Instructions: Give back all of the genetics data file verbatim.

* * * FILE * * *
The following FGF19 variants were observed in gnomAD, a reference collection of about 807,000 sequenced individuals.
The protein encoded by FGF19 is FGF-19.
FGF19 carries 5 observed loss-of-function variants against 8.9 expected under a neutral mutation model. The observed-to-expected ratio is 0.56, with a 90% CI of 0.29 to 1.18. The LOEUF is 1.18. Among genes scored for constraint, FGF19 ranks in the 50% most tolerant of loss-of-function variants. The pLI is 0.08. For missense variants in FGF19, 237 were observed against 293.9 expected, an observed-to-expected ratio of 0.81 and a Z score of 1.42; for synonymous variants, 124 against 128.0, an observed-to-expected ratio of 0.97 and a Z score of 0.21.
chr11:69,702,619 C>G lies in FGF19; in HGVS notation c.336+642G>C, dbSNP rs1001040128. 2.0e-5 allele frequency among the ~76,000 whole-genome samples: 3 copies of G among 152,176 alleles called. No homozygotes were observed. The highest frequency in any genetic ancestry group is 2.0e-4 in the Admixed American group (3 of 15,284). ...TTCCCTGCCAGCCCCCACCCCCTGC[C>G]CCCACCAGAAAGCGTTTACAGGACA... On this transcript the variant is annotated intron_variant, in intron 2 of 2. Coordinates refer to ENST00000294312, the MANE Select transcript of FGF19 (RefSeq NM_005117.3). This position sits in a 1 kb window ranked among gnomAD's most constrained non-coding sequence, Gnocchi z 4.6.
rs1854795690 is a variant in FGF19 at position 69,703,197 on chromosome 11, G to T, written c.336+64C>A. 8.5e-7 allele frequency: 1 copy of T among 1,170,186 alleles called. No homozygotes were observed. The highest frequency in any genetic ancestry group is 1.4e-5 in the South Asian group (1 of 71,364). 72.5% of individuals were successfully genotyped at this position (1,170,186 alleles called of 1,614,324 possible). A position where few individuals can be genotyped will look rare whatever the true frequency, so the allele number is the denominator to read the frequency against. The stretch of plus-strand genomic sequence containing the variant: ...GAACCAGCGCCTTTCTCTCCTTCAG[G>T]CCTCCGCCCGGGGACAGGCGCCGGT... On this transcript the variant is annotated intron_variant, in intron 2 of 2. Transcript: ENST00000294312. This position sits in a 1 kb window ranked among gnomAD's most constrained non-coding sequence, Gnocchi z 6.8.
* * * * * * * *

The following FGF19 variants were observed in gnomAD, a reference collection of about 807,000 sequenced individuals.
The protein encoded by FGF19 is FGF-19.
FGF19 carries 5 observed loss-of-function variants against 8.9 expected under a neutral mutation model. The observed-to-expected ratio is 0.56, with a 90% CI of 0.29 to 1.18. The LOEUF is 1.18. Among genes scored for constraint, FGF19 ranks in the 50% most tolerant of loss-of-function variants. The pLI is 0.08. For missense variants in FGF19, 237 were observed against 293.9 expected, an observed-to-expected ratio of 0.81 and a Z score of 1.42; for synonymous variants, 124 against 128.0, an observed-to-expected ratio of 0.97 and a Z score of 0.21.
chr11:69,702,619 C>G lies in FGF19; in HGVS notation c.336+642G>C, dbSNP rs1001040128. 2.0e-5 allele frequency among the ~76,000 whole-genome samples: 3 copies of G among 152,176 alleles called. No homozygotes were observed. The highest frequency in any genetic ancestry group is 2.0e-4 in the Admixed American group (3 of 15,284). ...TTCCCTGCCAGCCCCCACCCCCTGC[C>G]CCCACCAGAAAGCGTTTACAGGACA... On this transcript the variant is annotated intron_variant, in intron 2 of 2. Coordinates refer to ENST00000294312, the MANE Select transcript of FGF19 (RefSeq NM_005117.3). This position sits in a 1 kb window ranked among gnomAD's most constrained non-coding sequence, Gnocchi z 4.6.
rs1854795690 is a variant in FGF19 at position 69,703,197 on chromosome 11, G to T, written c.336+64C>A. 8.5e-7 allele frequency: 1 copy of T among 1,170,186 alleles called. No homozygotes were observed. The highest frequency in any genetic ancestry group is 1.4e-5 in the South Asian group (1 of 71,364). 72.5% of individuals were successfully genotyped at this position (1,170,186 alleles called of 1,614,324 possible). A position where few individuals can be genotyped will look rare whatever the true frequency, so the allele number is the denominator to read the frequency against. The stretch of plus-strand genomic sequence containing the variant: ...GAACCAGCGCCTTTCTCTCCTTCAG[G>T]CCTCCGCCCGGGGACAGGCGCCGGT... On this transcript the variant is annotated intron_variant, in intron 2 of 2. Transcript: ENST00000294312. This position sits in a 1 kb window ranked among gnomAD's most constrained non-coding sequence, Gnocchi z 6.8.